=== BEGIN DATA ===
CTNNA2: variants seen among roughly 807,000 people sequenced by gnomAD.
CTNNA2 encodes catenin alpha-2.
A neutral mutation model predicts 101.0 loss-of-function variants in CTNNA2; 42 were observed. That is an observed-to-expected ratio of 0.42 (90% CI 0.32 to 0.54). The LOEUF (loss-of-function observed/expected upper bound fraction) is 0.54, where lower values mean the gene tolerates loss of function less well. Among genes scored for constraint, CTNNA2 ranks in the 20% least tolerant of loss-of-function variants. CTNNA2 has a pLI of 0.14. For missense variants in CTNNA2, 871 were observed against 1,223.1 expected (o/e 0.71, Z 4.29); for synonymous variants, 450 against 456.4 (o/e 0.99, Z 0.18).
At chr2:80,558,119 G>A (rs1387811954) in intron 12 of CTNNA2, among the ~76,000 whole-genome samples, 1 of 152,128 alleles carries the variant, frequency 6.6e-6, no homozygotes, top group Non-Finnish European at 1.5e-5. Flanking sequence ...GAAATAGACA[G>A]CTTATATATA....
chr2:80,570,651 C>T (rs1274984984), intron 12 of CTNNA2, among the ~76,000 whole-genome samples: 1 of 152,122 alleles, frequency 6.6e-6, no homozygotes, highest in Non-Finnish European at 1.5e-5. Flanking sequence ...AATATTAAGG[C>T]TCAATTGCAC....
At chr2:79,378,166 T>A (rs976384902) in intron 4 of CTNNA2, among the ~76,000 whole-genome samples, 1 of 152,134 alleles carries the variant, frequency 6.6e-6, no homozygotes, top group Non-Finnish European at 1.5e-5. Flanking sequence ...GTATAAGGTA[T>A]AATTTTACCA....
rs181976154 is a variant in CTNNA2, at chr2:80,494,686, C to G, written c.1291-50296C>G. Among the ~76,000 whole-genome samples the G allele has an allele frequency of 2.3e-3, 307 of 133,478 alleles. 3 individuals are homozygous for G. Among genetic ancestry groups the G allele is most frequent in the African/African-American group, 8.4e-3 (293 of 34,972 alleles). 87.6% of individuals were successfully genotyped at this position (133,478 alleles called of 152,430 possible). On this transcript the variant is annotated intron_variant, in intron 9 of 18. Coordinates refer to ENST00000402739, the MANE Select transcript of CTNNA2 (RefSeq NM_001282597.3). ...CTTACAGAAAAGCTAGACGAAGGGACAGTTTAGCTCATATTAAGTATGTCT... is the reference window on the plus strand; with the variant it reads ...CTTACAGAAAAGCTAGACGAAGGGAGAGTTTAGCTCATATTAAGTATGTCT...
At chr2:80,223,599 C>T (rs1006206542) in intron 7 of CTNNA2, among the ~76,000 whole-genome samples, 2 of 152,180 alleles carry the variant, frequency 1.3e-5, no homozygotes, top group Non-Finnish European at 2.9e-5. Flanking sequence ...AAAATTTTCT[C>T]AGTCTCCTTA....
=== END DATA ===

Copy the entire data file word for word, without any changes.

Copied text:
CTNNA2: variants seen among roughly 807,000 people sequenced by gnomAD.
CTNNA2 encodes catenin alpha-2.
A neutral mutation model predicts 101.0 loss-of-function variants in CTNNA2; 42 were observed. That is an observed-to-expected ratio of 0.42 (90% CI 0.32 to 0.54). The LOEUF (loss-of-function observed/expected upper bound fraction) is 0.54, where lower values mean the gene tolerates loss of function less well. Among genes scored for constraint, CTNNA2 ranks in the 20% least tolerant of loss-of-function variants. CTNNA2 has a pLI of 0.14. For missense variants in CTNNA2, 871 were observed against 1,223.1 expected (o/e 0.71, Z 4.29); for synonymous variants, 450 against 456.4 (o/e 0.99, Z 0.18).
At chr2:80,558,119 G>A (rs1387811954) in intron 12 of CTNNA2, among the ~76,000 whole-genome samples, 1 of 152,128 alleles carries the variant, frequency 6.6e-6, no homozygotes, top group Non-Finnish European at 1.5e-5. Flanking sequence ...GAAATAGACA[G>A]CTTATATATA....
chr2:80,570,651 C>T (rs1274984984), intron 12 of CTNNA2, among the ~76,000 whole-genome samples: 1 of 152,122 alleles, frequency 6.6e-6, no homozygotes, highest in Non-Finnish European at 1.5e-5. Flanking sequence ...AATATTAAGG[C>T]TCAATTGCAC....
At chr2:79,378,166 T>A (rs976384902) in intron 4 of CTNNA2, among the ~76,000 whole-genome samples, 1 of 152,134 alleles carries the variant, frequency 6.6e-6, no homozygotes, top group Non-Finnish European at 1.5e-5. Flanking sequence ...GTATAAGGTA[T>A]AATTTTACCA....
rs181976154 is a variant in CTNNA2, at chr2:80,494,686, C to G, written c.1291-50296C>G. Among the ~76,000 whole-genome samples the G allele has an allele frequency of 2.3e-3, 307 of 133,478 alleles. 3 individuals are homozygous for G. Among genetic ancestry groups the G allele is most frequent in the African/African-American group, 8.4e-3 (293 of 34,972 alleles). 87.6% of individuals were successfully genotyped at this position (133,478 alleles called of 152,430 possible). On this transcript the variant is annotated intron_variant, in intron 9 of 18. Coordinates refer to ENST00000402739, the MANE Select transcript of CTNNA2 (RefSeq NM_001282597.3). ...CTTACAGAAAAGCTAGACGAAGGGACAGTTTAGCTCATATTAAGTATGTCT... is the reference window on the plus strand; with the variant it reads ...CTTACAGAAAAGCTAGACGAAGGGAGAGTTTAGCTCATATTAAGTATGTCT...
At chr2:80,223,599 C>T (rs1006206542) in intron 7 of CTNNA2, among the ~76,000 whole-genome samples, 2 of 152,180 alleles carry the variant, frequency 1.3e-5, no homozygotes, top group Non-Finnish European at 2.9e-5. Flanking sequence ...AAAATTTTCT[C>T]AGTCTCCTTA....